Since this is a blog post for Home Dialysis Central, you can probably see where I’m going with this. We accept, as a community, that transplant causes longer survival (in a highly selected group), yet far too many still don’t admit that more HD does the same—and for the same common-sense reason: more kidney replacement therapy.
More HD even has a dose-response, which suggests that the amount of kidney replacement really does offer a survival advantage:
- “Short daily” HD (hours not reported, but possibly in the range of ~15-18 hours of dialysis/week) boosts survival by 13% over standard in-center HD vi
- In-center nocturnal HD done three nights per week (~24 hours of dialysis/week) boosts survival by 25% over standard in-center HD vii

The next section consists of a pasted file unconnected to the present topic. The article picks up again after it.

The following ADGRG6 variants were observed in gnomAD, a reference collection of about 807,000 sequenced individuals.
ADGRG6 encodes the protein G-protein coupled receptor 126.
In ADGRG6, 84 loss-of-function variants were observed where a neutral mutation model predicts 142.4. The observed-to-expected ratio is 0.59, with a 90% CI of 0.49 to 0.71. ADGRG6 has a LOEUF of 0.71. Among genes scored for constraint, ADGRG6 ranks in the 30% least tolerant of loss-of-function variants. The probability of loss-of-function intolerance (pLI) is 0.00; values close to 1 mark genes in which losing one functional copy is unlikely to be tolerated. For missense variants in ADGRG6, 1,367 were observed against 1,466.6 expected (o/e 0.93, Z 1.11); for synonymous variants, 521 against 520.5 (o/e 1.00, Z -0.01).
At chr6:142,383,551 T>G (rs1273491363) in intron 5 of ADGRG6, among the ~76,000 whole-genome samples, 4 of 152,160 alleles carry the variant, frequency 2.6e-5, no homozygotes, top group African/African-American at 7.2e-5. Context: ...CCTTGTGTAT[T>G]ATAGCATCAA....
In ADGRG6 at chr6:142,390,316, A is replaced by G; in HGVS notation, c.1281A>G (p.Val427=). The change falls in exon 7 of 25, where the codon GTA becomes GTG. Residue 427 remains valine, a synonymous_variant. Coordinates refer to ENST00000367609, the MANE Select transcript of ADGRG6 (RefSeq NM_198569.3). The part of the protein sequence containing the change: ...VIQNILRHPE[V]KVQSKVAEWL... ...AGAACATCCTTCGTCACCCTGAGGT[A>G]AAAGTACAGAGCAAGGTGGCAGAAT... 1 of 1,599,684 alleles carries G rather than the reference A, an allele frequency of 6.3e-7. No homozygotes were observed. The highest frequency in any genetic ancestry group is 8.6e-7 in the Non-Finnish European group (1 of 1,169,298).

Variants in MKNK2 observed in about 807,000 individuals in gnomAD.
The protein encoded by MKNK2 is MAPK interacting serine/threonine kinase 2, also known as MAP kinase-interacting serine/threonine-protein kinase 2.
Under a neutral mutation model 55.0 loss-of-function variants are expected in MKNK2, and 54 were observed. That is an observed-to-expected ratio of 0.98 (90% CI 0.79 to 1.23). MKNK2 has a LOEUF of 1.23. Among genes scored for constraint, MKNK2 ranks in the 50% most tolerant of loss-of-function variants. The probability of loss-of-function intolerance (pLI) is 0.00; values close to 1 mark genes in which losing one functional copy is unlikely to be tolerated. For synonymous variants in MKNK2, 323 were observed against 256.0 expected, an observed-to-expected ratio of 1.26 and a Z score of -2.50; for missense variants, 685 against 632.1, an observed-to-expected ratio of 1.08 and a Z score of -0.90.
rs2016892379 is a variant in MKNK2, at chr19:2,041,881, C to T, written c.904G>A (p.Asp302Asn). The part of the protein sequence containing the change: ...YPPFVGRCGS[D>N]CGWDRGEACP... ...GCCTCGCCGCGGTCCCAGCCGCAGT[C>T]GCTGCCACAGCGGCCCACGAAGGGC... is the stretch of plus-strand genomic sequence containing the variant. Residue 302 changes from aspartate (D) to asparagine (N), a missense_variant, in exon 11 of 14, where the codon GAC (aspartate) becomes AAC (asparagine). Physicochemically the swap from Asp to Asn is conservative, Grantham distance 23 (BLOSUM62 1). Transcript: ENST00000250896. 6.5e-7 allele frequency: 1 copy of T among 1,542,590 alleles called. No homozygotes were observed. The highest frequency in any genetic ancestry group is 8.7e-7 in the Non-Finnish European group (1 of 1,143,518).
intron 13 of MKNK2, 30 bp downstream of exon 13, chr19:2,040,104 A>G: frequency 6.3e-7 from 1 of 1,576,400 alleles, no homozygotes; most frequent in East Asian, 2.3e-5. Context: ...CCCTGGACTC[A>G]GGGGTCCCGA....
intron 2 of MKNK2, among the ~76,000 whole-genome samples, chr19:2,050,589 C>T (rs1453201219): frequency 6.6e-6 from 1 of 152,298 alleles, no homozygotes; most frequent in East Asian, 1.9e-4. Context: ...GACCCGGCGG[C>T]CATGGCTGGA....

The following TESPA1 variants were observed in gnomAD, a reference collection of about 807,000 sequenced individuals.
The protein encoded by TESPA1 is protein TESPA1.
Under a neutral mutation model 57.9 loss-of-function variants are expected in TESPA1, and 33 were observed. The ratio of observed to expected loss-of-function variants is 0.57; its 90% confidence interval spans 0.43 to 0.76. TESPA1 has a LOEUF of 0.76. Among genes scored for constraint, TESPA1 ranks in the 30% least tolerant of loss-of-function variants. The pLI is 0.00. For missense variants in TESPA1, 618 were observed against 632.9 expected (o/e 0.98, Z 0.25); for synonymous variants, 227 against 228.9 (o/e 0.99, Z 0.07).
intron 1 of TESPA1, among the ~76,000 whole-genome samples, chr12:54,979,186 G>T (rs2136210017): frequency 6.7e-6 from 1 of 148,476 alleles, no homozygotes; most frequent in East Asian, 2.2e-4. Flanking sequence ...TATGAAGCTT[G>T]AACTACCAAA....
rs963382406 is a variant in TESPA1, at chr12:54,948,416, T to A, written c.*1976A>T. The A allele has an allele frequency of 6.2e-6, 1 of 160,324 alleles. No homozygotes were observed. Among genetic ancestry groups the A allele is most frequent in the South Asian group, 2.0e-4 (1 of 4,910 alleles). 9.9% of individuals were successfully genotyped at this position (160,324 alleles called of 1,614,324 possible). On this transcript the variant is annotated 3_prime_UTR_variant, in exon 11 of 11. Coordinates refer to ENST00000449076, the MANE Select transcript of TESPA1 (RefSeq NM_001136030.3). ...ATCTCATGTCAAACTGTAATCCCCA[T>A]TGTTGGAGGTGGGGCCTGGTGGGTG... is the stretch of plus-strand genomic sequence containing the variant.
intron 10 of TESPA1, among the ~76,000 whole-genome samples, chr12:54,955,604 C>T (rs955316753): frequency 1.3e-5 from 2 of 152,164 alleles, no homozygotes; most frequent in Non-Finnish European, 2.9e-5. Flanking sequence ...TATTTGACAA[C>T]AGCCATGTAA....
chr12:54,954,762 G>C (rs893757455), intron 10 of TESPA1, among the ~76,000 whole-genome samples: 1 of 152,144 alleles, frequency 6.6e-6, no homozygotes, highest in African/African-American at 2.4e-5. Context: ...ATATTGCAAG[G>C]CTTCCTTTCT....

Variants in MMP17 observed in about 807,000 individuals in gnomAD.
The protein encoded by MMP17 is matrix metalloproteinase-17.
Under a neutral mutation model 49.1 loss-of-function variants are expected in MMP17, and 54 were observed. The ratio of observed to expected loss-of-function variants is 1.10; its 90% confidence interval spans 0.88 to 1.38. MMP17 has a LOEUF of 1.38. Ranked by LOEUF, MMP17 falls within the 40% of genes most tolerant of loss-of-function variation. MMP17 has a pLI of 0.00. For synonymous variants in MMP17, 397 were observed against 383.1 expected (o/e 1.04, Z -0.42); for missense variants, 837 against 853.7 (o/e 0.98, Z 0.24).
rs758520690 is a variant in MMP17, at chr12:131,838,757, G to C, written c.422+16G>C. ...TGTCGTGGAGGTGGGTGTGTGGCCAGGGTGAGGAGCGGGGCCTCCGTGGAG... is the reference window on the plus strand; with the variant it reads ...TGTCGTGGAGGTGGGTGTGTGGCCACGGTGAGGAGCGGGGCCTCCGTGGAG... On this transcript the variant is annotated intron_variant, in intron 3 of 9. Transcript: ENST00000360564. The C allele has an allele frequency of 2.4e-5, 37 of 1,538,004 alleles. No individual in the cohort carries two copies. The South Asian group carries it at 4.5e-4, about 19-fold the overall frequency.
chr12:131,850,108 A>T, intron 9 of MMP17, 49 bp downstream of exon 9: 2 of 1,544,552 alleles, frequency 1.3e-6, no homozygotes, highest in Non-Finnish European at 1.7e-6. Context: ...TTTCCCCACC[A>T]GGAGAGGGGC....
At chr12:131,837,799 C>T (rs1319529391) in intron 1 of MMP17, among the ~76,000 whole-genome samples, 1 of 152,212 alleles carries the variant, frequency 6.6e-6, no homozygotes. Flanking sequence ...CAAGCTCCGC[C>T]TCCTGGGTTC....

- With home nocturnal HD done 5 or 6 nights per week (~30-45 hours of dialysis/week), survival was about three times better than standard in-center HD, and equivalent to deceased donor transplant
A good transplant is a miracle of modern medicine. It’s portable, convenient, and allows a more normal quality of life. I wish everyone whose kidneys failed could have one, and down the road, if we can grow kidneys in a lab or 3D print them, perhaps that will happen. But, for now, while there are not enough kidneys to go around, and some folks are not medically eligible, let’s acknowledge the elephant. Rather than focus on transplant alone as “ the treatment of choice,” why not focus on getting as many people as possible more kidney replacement therapy? Then, if they are eligible, they will be far more likely to live long enough to get a transplant. And, if they are not eligible, they will still feel better and live longer than with standard in-center HD.